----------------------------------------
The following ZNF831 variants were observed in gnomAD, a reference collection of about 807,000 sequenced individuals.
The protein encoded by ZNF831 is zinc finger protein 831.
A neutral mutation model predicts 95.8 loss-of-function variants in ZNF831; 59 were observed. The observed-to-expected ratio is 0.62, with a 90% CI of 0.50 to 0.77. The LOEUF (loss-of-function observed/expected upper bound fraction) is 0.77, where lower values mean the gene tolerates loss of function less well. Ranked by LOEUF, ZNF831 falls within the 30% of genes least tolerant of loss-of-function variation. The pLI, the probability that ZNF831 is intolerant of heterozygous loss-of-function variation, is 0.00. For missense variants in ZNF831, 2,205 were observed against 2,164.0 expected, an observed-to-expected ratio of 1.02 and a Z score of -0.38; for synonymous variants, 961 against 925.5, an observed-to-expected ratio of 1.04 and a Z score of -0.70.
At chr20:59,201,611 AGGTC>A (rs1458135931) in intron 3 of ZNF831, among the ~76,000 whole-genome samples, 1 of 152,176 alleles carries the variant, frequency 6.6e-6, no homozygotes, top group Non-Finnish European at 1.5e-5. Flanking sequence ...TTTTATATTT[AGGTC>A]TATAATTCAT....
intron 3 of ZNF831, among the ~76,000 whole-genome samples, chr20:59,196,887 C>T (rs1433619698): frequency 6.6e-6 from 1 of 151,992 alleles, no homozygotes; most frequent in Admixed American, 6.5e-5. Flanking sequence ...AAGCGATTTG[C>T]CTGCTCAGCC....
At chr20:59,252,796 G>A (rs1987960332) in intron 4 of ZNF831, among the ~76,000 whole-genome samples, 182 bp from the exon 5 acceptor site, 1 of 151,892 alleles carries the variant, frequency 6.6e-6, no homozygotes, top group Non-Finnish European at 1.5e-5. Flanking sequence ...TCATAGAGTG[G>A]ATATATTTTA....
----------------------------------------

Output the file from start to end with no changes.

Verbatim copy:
The following ZNF831 variants were observed in gnomAD, a reference collection of about 807,000 sequenced individuals.
The protein encoded by ZNF831 is zinc finger protein 831.
A neutral mutation model predicts 95.8 loss-of-function variants in ZNF831; 59 were observed. The observed-to-expected ratio is 0.62, with a 90% CI of 0.50 to 0.77. The LOEUF (loss-of-function observed/expected upper bound fraction) is 0.77, where lower values mean the gene tolerates loss of function less well. Ranked by LOEUF, ZNF831 falls within the 30% of genes least tolerant of loss-of-function variation. The pLI, the probability that ZNF831 is intolerant of heterozygous loss-of-function variation, is 0.00. For missense variants in ZNF831, 2,205 were observed against 2,164.0 expected, an observed-to-expected ratio of 1.02 and a Z score of -0.38; for synonymous variants, 961 against 925.5, an observed-to-expected ratio of 1.04 and a Z score of -0.70.
At chr20:59,201,611 AGGTC>A (rs1458135931) in intron 3 of ZNF831, among the ~76,000 whole-genome samples, 1 of 152,176 alleles carries the variant, frequency 6.6e-6, no homozygotes, top group Non-Finnish European at 1.5e-5. Flanking sequence ...TTTTATATTT[AGGTC>A]TATAATTCAT....
intron 3 of ZNF831, among the ~76,000 whole-genome samples, chr20:59,196,887 C>T (rs1433619698): frequency 6.6e-6 from 1 of 151,992 alleles, no homozygotes; most frequent in Admixed American, 6.5e-5. Flanking sequence ...AAGCGATTTG[C>T]CTGCTCAGCC....
At chr20:59,252,796 G>A (rs1987960332) in intron 4 of ZNF831, among the ~76,000 whole-genome samples, 182 bp from the exon 5 acceptor site, 1 of 151,892 alleles carries the variant, frequency 6.6e-6, no homozygotes, top group Non-Finnish European at 1.5e-5. Flanking sequence ...TCATAGAGTG[G>A]ATATATTTTA....